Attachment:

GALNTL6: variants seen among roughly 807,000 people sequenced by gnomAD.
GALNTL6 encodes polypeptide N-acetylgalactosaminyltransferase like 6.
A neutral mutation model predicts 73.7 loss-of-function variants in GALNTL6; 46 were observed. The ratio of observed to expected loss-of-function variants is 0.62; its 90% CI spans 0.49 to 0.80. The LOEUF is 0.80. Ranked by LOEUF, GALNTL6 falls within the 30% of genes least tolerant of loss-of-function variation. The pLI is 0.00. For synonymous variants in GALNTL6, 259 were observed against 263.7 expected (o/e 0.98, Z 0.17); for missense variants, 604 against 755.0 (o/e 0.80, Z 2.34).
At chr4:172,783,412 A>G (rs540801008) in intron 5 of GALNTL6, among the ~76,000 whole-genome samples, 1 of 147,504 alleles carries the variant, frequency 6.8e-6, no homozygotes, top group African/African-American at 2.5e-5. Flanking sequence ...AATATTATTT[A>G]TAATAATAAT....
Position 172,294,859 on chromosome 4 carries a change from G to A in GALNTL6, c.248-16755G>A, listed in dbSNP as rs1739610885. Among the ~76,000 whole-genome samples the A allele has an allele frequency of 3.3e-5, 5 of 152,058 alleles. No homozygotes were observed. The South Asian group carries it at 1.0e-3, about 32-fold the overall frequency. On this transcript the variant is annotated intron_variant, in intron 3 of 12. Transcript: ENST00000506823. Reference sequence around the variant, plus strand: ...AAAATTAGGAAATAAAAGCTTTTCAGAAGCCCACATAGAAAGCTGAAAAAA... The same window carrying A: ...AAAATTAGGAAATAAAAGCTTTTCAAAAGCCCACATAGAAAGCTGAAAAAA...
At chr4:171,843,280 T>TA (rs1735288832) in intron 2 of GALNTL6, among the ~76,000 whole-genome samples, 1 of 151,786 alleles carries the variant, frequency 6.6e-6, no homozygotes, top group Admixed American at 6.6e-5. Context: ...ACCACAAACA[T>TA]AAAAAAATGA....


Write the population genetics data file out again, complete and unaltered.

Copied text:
GALNTL6: variants seen among roughly 807,000 people sequenced by gnomAD.
GALNTL6 encodes polypeptide N-acetylgalactosaminyltransferase like 6.
A neutral mutation model predicts 73.7 loss-of-function variants in GALNTL6; 46 were observed. The ratio of observed to expected loss-of-function variants is 0.62; its 90% CI spans 0.49 to 0.80. The LOEUF is 0.80. Ranked by LOEUF, GALNTL6 falls within the 30% of genes least tolerant of loss-of-function variation. The pLI is 0.00. For synonymous variants in GALNTL6, 259 were observed against 263.7 expected (o/e 0.98, Z 0.17); for missense variants, 604 against 755.0 (o/e 0.80, Z 2.34).
At chr4:172,783,412 A>G (rs540801008) in intron 5 of GALNTL6, among the ~76,000 whole-genome samples, 1 of 147,504 alleles carries the variant, frequency 6.8e-6, no homozygotes, top group African/African-American at 2.5e-5. Flanking sequence ...AATATTATTT[A>G]TAATAATAAT....
Position 172,294,859 on chromosome 4 carries a change from G to A in GALNTL6, c.248-16755G>A, listed in dbSNP as rs1739610885. Among the ~76,000 whole-genome samples the A allele has an allele frequency of 3.3e-5, 5 of 152,058 alleles. No homozygotes were observed. The South Asian group carries it at 1.0e-3, about 32-fold the overall frequency. On this transcript the variant is annotated intron_variant, in intron 3 of 12. Transcript: ENST00000506823. Reference sequence around the variant, plus strand: ...AAAATTAGGAAATAAAAGCTTTTCAGAAGCCCACATAGAAAGCTGAAAAAA... The same window carrying A: ...AAAATTAGGAAATAAAAGCTTTTCAAAAGCCCACATAGAAAGCTGAAAAAA...
At chr4:171,843,280 T>TA (rs1735288832) in intron 2 of GALNTL6, among the ~76,000 whole-genome samples, 1 of 151,786 alleles carries the variant, frequency 6.6e-6, no homozygotes, top group Admixed American at 6.6e-5. Context: ...ACCACAAACA[T>TA]AAAAAAATGA....